319 of 350 people found the following review helpful
Although not a special edition, still a fine DVD,
This review is from: The Shawshank Redemption (DVD)
Every so often in everyone's life, they walk out of a movie that they consider perfect. A movie where you don't sit through it and think to yourself how you might have done it all differently had you been the director. I have a couple of movies like that, and "The Shawshank Redemption" is one of them. I still remember clearly walking out of the theater in 1994 and thinking that I've just seen one of the best movies that I'll ever have the pleasure of sitting through. A movie so elegant and emotional that is perfect in its way of storytelling. A movie that is about how hope can never die. The movie earned several Academy Award nominations that were certainly well-deserved, but it left theaters all too quickly. Over the years though, it has gained a strong cult following.
The movie stars Tim Robbins in one of his very best performances as Andrew Dufresne, a quiet man who is convicted of the murder of his wife and is sent to Shawshank prison. It's there he meets "Red", a convict played by Morgan Freeman who gets things from the outside for a price. He first sees Andy as he's lead into the prison and predicts that he won't last long inside the prison walls. Over time though, he's suprised that the young man is able to survive and soon, the two become friends with respect for each other. Andy is not a man who "fights the system". He spends his days in his own quiet world, a courage that the other prisoners don't quite understand at first. Robbins has built this character in a way that we the performance is not showy, but subtle. The result is that we want to know more and when we do begin to understand his ways, that only makes us want him to succeed that much more. I won't go into much more in the way of detail about the movie; if you haven't seen it, I don't want to ruin any of the enjoyment of the movie; if you have, I'm sure you already have your feelings about the movie. This is a movie that's not depressing; it has a lot of life to it and I think that when they look back at the 90's, they will see that this is one of the best pictures that was released during this time.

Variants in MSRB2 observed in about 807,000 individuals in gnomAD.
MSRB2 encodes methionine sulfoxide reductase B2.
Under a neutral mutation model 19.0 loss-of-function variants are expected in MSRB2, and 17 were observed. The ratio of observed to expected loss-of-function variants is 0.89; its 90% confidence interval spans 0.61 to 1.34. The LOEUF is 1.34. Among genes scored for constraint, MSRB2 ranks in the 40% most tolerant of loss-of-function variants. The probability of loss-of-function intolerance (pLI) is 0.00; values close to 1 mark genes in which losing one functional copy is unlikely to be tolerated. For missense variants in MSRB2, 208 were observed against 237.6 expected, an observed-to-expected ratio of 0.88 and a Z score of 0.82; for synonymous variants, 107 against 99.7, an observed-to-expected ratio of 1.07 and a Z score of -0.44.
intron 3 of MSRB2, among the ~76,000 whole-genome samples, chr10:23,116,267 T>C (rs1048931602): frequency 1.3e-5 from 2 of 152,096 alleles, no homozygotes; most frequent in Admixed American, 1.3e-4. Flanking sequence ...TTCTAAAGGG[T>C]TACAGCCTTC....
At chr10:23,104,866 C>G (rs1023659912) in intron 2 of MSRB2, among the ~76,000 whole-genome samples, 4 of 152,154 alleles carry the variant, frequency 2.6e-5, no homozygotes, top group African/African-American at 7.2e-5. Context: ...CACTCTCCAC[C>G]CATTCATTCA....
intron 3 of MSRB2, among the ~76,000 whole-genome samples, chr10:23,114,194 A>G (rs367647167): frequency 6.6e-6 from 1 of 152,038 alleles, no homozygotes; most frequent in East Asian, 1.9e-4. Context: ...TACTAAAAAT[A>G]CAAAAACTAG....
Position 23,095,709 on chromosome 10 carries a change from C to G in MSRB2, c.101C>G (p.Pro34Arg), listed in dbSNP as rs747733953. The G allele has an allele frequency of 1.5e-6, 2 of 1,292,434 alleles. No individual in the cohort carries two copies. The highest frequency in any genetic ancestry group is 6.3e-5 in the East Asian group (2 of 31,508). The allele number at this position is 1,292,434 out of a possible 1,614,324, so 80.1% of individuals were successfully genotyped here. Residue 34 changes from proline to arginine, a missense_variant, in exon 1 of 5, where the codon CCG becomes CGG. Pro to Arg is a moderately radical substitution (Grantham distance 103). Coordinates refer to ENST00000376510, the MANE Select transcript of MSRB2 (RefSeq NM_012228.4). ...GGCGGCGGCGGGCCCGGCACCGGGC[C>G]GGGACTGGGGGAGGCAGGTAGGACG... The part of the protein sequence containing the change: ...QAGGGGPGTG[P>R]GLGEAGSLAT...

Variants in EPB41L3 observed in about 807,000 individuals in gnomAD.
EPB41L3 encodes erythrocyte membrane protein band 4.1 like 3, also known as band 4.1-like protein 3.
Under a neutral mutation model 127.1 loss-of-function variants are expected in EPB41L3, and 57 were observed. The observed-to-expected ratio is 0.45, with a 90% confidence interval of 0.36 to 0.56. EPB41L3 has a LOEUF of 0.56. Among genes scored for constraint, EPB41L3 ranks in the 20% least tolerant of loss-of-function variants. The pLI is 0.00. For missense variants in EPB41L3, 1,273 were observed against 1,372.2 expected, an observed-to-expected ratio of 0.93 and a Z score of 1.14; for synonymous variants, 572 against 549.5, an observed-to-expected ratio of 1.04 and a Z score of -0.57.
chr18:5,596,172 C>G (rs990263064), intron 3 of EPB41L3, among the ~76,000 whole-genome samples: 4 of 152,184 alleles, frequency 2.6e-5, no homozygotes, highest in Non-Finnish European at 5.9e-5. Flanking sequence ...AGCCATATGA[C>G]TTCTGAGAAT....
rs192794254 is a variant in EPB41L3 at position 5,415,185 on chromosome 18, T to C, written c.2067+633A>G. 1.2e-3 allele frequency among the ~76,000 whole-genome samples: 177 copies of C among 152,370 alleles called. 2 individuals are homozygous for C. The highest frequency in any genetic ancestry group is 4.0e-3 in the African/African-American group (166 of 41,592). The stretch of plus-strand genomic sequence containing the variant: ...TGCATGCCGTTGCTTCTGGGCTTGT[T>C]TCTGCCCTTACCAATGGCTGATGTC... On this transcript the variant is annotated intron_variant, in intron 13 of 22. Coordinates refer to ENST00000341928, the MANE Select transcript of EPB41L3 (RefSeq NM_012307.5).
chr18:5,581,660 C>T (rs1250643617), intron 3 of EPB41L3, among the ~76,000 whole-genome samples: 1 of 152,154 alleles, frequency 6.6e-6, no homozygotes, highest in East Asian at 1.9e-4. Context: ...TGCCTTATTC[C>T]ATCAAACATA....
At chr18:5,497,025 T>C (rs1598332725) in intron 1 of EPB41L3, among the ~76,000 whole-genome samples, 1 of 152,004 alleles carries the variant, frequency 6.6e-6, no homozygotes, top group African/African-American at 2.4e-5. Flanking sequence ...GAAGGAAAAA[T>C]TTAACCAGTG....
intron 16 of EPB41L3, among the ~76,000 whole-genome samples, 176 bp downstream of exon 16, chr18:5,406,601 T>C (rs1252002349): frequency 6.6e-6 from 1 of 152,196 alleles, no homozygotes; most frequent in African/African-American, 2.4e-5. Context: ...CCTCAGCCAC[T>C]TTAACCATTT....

Yes, Warner Brothers has proven to made an error in judgement about their way of going about putting this DVD out. There was an announcement over a year ago, I believe; then previous announcements came later after the first delay promising a director's commentary, then a Morgan Freeman commentary, then, in the final moments before the DVD is released this week...nothing. It's a shame, as "Shawshank" is a film deserving of much more. I suppose part of me is happy with the fact that this film is finally on DVD, although if this is the final product, there is no reason in my mind that this couldn't have been released a long, is an excellent looking image. One of the best cinematographers in the business (Roger Deakins- "Fargo") did the filming on this picture and the pale colors are represented well throughout the picture, mainly browns and greys. Like the movie, there is an elegance to the visual style on this picture that is apparent in every movie that Deakins has worked on. Images are clear and crisp throughout; sharp, but not overly sharp for a "smooth" feeling that looks very film-like.
There are few problems, and none of them are terribly distracting at all. There is a slight shimmering in a scene or two and some very small instances of grain. Other than that, this is an excellent looking image that will certainly beautiful sound mix. It's also a newly remastered 5.1 mix. It's not flashy or showy, nor does it need to be. It does however, do what it needs to do best very well. The score by Thomas Newman is absolutely wonderful and it sounds clear and crisp throughout the picture. Surrounds are put into use occasionally, but always in a subtle way that is right for the picture. What I was pleased about most though, was how rich and clean the score sounded on this DVD. Dialogue is clear and without problems as well. Again, Non-animated main menus that have the score playing in the dissapointment of this DVD; all that's included is the trailer and some production stills.
Final Thoughts Although it's unfortunate that this isn't the special edition that it should have been it is a must for any collection. I'm happy the film is finally being realized by more and more people as a classic piece of filmmaking, which I've always considered it to be.
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Showing 1-2 of 2 posts in this discussion
Initial post: Oct 25, 2009 1:54:50 PM PDT
In reply to an earlier post on Jan 6, 2010 4:49:30 AM PST
Last edited by the author on Jan 6, 2010 4:52:31 AM PST
Lone Wolf says:
He didn't mention the blu-ray quality because he wrote his review in 1999 which was several years before blu-ray even came out. Also be aware that Amazon uses standard dvd reviews on blu-ray listings of the same title.
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